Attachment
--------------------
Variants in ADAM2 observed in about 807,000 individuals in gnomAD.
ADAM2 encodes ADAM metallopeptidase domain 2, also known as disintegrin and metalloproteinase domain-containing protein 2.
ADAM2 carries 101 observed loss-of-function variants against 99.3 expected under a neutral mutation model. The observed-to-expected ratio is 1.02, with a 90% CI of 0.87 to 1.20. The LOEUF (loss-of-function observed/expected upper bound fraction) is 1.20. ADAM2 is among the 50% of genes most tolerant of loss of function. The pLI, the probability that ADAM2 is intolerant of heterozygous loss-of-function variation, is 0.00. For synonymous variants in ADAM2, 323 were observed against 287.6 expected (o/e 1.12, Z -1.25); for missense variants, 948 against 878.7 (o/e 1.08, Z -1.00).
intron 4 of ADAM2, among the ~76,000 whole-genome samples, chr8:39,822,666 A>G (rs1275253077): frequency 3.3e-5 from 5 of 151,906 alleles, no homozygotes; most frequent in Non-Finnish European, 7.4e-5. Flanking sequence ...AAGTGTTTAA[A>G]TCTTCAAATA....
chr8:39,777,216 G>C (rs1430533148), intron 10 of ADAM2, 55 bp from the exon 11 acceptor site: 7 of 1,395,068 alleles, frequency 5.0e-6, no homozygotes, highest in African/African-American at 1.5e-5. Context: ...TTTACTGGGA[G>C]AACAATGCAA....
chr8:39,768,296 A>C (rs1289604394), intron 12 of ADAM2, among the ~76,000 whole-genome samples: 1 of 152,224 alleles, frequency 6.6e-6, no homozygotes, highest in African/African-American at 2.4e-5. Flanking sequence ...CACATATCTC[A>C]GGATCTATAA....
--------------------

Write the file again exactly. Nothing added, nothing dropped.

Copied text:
Variants in ADAM2 observed in about 807,000 individuals in gnomAD.
ADAM2 encodes ADAM metallopeptidase domain 2, also known as disintegrin and metalloproteinase domain-containing protein 2.
ADAM2 carries 101 observed loss-of-function variants against 99.3 expected under a neutral mutation model. The observed-to-expected ratio is 1.02, with a 90% CI of 0.87 to 1.20. The LOEUF (loss-of-function observed/expected upper bound fraction) is 1.20. ADAM2 is among the 50% of genes most tolerant of loss of function. The pLI, the probability that ADAM2 is intolerant of heterozygous loss-of-function variation, is 0.00. For synonymous variants in ADAM2, 323 were observed against 287.6 expected (o/e 1.12, Z -1.25); for missense variants, 948 against 878.7 (o/e 1.08, Z -1.00).
intron 4 of ADAM2, among the ~76,000 whole-genome samples, chr8:39,822,666 A>G (rs1275253077): frequency 3.3e-5 from 5 of 151,906 alleles, no homozygotes; most frequent in Non-Finnish European, 7.4e-5. Flanking sequence ...AAGTGTTTAA[A>G]TCTTCAAATA....
chr8:39,777,216 G>C (rs1430533148), intron 10 of ADAM2, 55 bp from the exon 11 acceptor site: 7 of 1,395,068 alleles, frequency 5.0e-6, no homozygotes, highest in African/African-American at 1.5e-5. Context: ...TTTACTGGGA[G>C]AACAATGCAA....
chr8:39,768,296 A>C (rs1289604394), intron 12 of ADAM2, among the ~76,000 whole-genome samples: 1 of 152,224 alleles, frequency 6.6e-6, no homozygotes, highest in African/African-American at 2.4e-5. Flanking sequence ...CACATATCTC[A>C]GGATCTATAA....